Change is a constant for any middle market company, and adapting to change takes strong leadership with strategic vision, a clear plan for implementing the specific change initiative, and the right people to bring the change about.

Whether it’s digital transformation, an organizational restructuring, or any other big initiative, a well thought-out planning and implementation process is essential and may require you to go outside your middle market company to seek help. 


This post will offer leaders a framework (and actionable advice) you can use to (1) develop a process for clearly defining your project needs and scope; (2) identify when you might need to bring in outside expertise/consultants; (3) find the right external resources for your needs, and (4) work effectively with external talent to achieve your project goals. 



1. Define the Project and Assess Your Need for External Expertise 

In a best-case scenario, you already have the internal resources you’ll need to drive your change initiative. But often, when you assess your capabilities and your project needs, you realize you need external help, whether in the planning phase, the implementation phase, or in training your people in the new way of working. Everything begins by mapping out the journey and having a formalized plan for the change initiative, one that fully reveals your available internal resources and the gaps that need closing with outside resources.


Bringing in external expertise from a brand-name, global consulting firm can be expensive, but may be the best option in some cases, such as when the project demands a team with specialized technical know-how or you’re facing unusual project complexity. But “going big” is not necessarily the best option, and probably not the most cost-effective. 


Defaulting to a big consulting firm before you’ve explored all your options, maybe by sending out written RFIs (requests for information from consultants about how they might help you), can be a costly mistake. Middle market companies must carefully analyze and document their project needs, their existing internal resources/know-how, and their gaps in know-how that external expertise might help close, long before moving forward on a project or spending a single dollar on consultants.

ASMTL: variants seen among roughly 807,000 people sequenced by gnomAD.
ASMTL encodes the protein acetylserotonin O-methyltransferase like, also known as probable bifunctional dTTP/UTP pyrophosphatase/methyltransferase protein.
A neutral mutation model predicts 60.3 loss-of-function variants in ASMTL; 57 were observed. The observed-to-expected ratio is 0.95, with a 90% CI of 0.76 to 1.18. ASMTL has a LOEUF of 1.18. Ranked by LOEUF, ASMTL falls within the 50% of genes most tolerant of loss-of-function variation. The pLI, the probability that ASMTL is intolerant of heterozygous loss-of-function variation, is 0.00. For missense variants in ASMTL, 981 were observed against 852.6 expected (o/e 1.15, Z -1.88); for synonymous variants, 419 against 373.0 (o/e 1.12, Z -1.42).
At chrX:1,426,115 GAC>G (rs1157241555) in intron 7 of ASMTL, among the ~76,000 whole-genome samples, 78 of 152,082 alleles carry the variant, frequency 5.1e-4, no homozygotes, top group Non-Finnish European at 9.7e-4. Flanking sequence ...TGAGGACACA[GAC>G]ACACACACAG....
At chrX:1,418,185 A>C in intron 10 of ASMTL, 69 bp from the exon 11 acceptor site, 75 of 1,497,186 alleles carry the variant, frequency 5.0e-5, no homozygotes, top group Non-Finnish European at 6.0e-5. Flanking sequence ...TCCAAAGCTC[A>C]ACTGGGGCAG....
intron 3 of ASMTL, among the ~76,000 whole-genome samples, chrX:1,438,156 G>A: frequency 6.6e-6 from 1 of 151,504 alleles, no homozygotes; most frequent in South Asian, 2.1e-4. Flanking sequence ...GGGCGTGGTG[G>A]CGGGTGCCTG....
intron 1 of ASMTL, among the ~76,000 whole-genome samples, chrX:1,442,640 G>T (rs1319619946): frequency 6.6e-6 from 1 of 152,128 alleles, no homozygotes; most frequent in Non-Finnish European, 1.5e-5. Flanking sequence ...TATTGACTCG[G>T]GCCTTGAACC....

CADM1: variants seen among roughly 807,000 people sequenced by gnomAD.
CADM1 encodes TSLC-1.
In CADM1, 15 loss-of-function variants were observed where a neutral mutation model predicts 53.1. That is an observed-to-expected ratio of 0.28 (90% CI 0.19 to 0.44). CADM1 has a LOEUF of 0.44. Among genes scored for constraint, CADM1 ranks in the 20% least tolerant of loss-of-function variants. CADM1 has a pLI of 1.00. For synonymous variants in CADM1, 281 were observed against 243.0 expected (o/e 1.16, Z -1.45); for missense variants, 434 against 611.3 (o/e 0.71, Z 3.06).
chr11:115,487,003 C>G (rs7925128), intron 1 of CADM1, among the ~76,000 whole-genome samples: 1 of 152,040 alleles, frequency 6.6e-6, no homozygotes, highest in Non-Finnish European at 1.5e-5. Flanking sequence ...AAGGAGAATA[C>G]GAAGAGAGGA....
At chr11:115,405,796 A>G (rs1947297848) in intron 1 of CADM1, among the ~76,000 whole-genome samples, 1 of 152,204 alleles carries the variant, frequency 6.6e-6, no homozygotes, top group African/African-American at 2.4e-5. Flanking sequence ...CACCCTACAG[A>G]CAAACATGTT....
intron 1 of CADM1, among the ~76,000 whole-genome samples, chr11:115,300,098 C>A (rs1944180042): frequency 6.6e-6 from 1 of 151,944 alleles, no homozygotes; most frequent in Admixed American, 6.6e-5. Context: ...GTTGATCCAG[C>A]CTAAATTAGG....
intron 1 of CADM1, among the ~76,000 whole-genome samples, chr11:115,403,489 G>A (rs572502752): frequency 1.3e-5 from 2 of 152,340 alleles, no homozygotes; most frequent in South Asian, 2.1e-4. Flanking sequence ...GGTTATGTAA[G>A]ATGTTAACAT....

Bringing in an individual consultant or a small team from a boutique consulting firm, one with deep subject-matter expertise and experience within your industry, could not only be the lower-cost option, but might also result in a more customized, quality deliverable that precisely meets your project needs. It all begins with knowing exactly what you need and then exploring all available options the market might offer you. Know exactly what you need and shop around.



2. Determine which External Resource is Right for You

Big consulting firms are, of course, also big businesses with lots of overhead costs. As strategy and innovation consultant Nadim Yacteen explains: “The big consulting firms have partners constantly selling, they have a whole sales team. They have marketing teams. They have hundreds of thousands of employees in offices all around the world, with expensive training and administrative costs and more…Do these overhead costs get passed on to their clients? Of course they do, as with any other business.”


Another oft-heard criticism of big consulting firms is their preference for bringing in methodologies, off-the-shelf approaches, and best practices they’ve developed for other clients. While these “pre-fabricated” assets may have been a good fit for other clients, it doesn’t mean they’ll fit your middle market company’s unique needs and culture. Be skeptical of any solution that a consultant might pull off-the-shelf and tweak to meet your project’s needs. Any external resource must start from a deep understanding of your middle market company’s specific needs, not by going to the shelf and offering you pre-fabricated, pre-used “solutions” that may or may not work for you.